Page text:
I suspect that the implications for power transmission are enormous. The more complete this transmission, the more power there is available. I speculate that poor transmission provides maybe ten to thirty percent of available power in a very limited number of directions. Good transmission might increase this to in excess of seventy percent in any direction desired.

Hip Rotation Practice

Body Requirements:

1.  Leg strength

2.  Control of the Hip Joint horizontally and vertically

3.  Restraining the rising movement of the hip joint while pushing from the ground.

The first exercise Wang Hai Jun showed (although I did not understand it at the time) was a subtle variation in right hand front circle reeling silk.

At the start of each cycle:

1. The body turns slightly further to the right on the right leg, the weight still on the right leg. The waist does most of the turning to the right. The hips turn horizontally to the right a little (a few degrees.) Feel like the left foot is pushing the left hip to the right front corner. The left hip is stretched more open as this happens as happens. The left hip also feel like it rotates forward vertically. (initially the hip can rise so the feeling of vertical rotation is clear, but after a short while strive to keep the hip from rising. It should not rise)  Simultaneously the feeling in the right hip is that it rotates backwards as the left rotates forwards and that it is moving to the left as the left hip moves to the right. The right knee should stay with the right foot and not twist out. To this it may help to feel like it is coiling inward even as the right hip relaxes backward. The feeling is that as the hips rotate horizontally the front of the rear hip wants to push forwards and upwards but do not let this happen. As the hips rotate “vertically” the rear (left) hip has a similar tendency to push upwards/rise but do not let this happen either. The right fingers, stretched from the back, are driven down and in (closing) by this movement.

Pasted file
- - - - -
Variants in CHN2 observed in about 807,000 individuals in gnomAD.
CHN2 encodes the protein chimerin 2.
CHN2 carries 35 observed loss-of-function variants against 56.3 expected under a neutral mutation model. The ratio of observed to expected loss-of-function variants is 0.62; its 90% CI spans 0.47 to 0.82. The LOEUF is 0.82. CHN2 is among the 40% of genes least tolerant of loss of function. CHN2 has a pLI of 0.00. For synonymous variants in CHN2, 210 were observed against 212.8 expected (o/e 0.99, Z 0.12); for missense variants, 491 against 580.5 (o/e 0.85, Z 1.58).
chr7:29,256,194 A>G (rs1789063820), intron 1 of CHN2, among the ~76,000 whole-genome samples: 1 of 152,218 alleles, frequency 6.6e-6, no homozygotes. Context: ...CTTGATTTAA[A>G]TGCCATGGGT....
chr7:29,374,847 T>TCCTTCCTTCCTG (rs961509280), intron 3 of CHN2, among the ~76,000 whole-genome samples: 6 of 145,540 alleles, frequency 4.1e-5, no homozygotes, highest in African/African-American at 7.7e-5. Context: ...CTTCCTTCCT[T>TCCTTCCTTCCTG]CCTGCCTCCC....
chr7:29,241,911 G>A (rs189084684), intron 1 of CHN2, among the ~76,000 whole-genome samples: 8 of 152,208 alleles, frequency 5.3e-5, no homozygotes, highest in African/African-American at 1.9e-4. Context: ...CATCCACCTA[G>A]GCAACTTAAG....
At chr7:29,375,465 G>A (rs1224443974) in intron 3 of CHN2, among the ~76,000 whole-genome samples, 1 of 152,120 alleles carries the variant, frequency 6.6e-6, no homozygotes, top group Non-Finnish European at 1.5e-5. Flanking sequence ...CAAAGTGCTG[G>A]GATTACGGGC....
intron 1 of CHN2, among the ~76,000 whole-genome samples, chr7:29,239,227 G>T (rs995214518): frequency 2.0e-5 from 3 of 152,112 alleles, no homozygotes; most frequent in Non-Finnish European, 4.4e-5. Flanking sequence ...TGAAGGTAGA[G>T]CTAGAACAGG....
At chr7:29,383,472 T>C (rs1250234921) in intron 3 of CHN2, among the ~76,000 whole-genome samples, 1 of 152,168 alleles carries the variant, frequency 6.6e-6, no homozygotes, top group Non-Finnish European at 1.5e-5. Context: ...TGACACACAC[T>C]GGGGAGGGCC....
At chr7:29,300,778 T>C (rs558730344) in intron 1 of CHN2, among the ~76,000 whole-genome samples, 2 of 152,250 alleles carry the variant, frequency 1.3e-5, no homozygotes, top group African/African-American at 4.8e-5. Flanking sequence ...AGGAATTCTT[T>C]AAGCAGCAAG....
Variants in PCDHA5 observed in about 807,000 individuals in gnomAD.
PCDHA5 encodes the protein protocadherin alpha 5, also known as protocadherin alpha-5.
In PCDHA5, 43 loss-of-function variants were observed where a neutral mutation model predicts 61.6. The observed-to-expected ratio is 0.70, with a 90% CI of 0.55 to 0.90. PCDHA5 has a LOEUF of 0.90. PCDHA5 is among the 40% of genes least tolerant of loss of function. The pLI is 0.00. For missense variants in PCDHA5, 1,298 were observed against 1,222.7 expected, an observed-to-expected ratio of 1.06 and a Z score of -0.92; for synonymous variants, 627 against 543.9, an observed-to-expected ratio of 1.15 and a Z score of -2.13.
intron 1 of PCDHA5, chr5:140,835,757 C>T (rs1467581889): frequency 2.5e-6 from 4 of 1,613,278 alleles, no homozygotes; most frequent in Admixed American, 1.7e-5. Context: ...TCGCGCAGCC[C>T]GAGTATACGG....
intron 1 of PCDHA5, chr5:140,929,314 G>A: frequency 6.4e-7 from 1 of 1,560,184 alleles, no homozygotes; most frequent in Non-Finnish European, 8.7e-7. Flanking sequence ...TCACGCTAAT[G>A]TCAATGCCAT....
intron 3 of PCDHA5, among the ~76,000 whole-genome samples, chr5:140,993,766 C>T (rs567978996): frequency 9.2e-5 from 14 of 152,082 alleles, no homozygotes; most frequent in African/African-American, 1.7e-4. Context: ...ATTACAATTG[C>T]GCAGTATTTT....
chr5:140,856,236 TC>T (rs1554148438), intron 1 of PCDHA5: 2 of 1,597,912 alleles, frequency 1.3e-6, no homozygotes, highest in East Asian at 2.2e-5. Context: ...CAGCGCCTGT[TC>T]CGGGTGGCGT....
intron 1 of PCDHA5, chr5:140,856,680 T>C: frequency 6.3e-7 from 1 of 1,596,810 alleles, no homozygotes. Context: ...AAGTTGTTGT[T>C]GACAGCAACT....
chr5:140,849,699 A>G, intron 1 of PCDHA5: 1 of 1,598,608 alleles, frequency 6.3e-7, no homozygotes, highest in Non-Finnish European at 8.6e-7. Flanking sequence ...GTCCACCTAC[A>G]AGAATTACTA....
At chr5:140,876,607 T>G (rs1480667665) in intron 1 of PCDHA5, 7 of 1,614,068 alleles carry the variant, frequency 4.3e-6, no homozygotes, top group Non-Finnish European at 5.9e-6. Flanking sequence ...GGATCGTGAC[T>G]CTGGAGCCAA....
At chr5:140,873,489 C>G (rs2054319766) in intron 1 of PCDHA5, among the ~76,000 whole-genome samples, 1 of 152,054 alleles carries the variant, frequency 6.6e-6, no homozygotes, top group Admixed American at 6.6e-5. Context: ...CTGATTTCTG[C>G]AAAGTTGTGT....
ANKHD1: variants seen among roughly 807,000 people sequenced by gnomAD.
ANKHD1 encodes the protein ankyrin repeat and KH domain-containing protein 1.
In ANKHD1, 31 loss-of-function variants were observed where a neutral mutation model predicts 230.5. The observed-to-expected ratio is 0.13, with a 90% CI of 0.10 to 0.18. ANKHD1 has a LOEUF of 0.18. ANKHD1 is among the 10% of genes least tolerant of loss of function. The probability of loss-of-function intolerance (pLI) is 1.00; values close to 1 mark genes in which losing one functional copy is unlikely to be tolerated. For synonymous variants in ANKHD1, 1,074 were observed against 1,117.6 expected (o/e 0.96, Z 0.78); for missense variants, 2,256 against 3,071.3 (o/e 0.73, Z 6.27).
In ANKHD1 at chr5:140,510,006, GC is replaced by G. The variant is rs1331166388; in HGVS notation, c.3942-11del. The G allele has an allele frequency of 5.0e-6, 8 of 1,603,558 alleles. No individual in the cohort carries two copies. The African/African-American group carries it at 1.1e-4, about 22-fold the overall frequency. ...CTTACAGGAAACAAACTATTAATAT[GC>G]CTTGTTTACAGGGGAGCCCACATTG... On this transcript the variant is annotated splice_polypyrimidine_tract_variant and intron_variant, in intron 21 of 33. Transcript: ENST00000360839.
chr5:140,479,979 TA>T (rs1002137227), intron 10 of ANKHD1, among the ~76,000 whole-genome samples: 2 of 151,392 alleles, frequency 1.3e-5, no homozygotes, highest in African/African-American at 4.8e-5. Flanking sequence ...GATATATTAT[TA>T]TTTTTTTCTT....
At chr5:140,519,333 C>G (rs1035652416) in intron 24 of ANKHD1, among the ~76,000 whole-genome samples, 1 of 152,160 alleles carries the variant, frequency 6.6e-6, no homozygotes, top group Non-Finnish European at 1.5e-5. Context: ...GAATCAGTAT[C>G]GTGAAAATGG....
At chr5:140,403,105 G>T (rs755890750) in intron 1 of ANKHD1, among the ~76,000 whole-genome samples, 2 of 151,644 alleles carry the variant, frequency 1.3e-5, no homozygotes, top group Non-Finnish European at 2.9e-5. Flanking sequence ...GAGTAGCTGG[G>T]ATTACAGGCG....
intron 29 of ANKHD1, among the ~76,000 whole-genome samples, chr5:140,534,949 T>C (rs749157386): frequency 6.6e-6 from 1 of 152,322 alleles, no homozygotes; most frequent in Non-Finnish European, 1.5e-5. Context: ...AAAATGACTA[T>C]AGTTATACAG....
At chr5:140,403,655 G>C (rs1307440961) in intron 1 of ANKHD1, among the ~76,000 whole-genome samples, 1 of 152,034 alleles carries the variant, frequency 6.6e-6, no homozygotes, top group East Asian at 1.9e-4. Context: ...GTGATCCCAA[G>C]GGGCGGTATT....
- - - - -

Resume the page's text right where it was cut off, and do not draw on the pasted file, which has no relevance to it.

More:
2. This motion is continued which causes the weight to be pushed onto the left leg still as the body finishes its turn right and cycles into a left turn to face forward.

3. The same occurs on the left leg as the right hand starts to rise.

4. This motion is continued which causes the weight to be pushed back to the right leg as the body finishes its turn left and cycles into a right turn to face forward.

Six Elements of Practice that can be used to improve skill are those indicated above, i.e. Song Kua, Dang Jin, Open / Extend the hips, Ta Yao, Fan Tun and a continuous push along the appropriate leg.


Nick Gudge is a student of Wang Hai Jun and teaches Chen style taijiquan (tai chi) classes in Limerick.